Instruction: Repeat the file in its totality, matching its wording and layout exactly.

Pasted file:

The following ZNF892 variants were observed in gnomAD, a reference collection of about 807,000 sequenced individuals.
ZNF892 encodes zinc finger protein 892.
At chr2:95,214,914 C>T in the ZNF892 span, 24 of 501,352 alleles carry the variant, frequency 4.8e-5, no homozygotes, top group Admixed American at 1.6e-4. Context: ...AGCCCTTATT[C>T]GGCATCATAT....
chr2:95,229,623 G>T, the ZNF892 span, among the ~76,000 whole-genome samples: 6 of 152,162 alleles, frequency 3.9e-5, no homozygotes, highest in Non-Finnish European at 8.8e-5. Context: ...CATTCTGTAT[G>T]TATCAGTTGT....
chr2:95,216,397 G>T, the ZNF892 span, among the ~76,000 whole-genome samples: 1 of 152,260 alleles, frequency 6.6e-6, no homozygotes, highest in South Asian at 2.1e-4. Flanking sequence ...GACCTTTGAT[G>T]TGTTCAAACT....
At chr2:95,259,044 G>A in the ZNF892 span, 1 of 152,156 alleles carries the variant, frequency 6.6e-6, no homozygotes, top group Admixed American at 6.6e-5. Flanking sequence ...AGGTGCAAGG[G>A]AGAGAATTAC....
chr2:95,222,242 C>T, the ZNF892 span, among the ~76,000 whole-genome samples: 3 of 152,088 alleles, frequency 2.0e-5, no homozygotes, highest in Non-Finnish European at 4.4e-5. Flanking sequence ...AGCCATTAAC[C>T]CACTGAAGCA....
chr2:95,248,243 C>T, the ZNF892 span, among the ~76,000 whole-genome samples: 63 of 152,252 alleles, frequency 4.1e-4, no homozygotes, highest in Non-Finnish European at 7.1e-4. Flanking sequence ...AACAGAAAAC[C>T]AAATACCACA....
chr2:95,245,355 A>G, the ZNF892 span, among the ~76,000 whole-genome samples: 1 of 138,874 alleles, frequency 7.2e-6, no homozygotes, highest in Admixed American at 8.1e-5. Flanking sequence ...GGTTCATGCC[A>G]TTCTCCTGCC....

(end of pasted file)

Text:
The following ZNF892 variants were observed in gnomAD, a reference collection of about 807,000 sequenced individuals.
ZNF892 encodes zinc finger protein 892.
At chr2:95,214,914 C>T in the ZNF892 span, 24 of 501,352 alleles carry the variant, frequency 4.8e-5, no homozygotes, top group Admixed American at 1.6e-4. Context: ...AGCCCTTATT[C>T]GGCATCATAT....
chr2:95,229,623 G>T, the ZNF892 span, among the ~76,000 whole-genome samples: 6 of 152,162 alleles, frequency 3.9e-5, no homozygotes, highest in Non-Finnish European at 8.8e-5. Context: ...CATTCTGTAT[G>T]TATCAGTTGT....
chr2:95,216,397 G>T, the ZNF892 span, among the ~76,000 whole-genome samples: 1 of 152,260 alleles, frequency 6.6e-6, no homozygotes, highest in South Asian at 2.1e-4. Flanking sequence ...GACCTTTGAT[G>T]TGTTCAAACT....
At chr2:95,259,044 G>A in the ZNF892 span, 1 of 152,156 alleles carries the variant, frequency 6.6e-6, no homozygotes, top group Admixed American at 6.6e-5. Flanking sequence ...AGGTGCAAGG[G>A]AGAGAATTAC....
chr2:95,222,242 C>T, the ZNF892 span, among the ~76,000 whole-genome samples: 3 of 152,088 alleles, frequency 2.0e-5, no homozygotes, highest in Non-Finnish European at 4.4e-5. Flanking sequence ...AGCCATTAAC[C>T]CACTGAAGCA....
chr2:95,248,243 C>T, the ZNF892 span, among the ~76,000 whole-genome samples: 63 of 152,252 alleles, frequency 4.1e-4, no homozygotes, highest in Non-Finnish European at 7.1e-4. Flanking sequence ...AACAGAAAAC[C>T]AAATACCACA....
chr2:95,245,355 A>G, the ZNF892 span, among the ~76,000 whole-genome samples: 1 of 138,874 alleles, frequency 7.2e-6, no homozygotes, highest in Admixed American at 8.1e-5. Flanking sequence ...GGTTCATGCC[A>G]TTCTCCTGCC....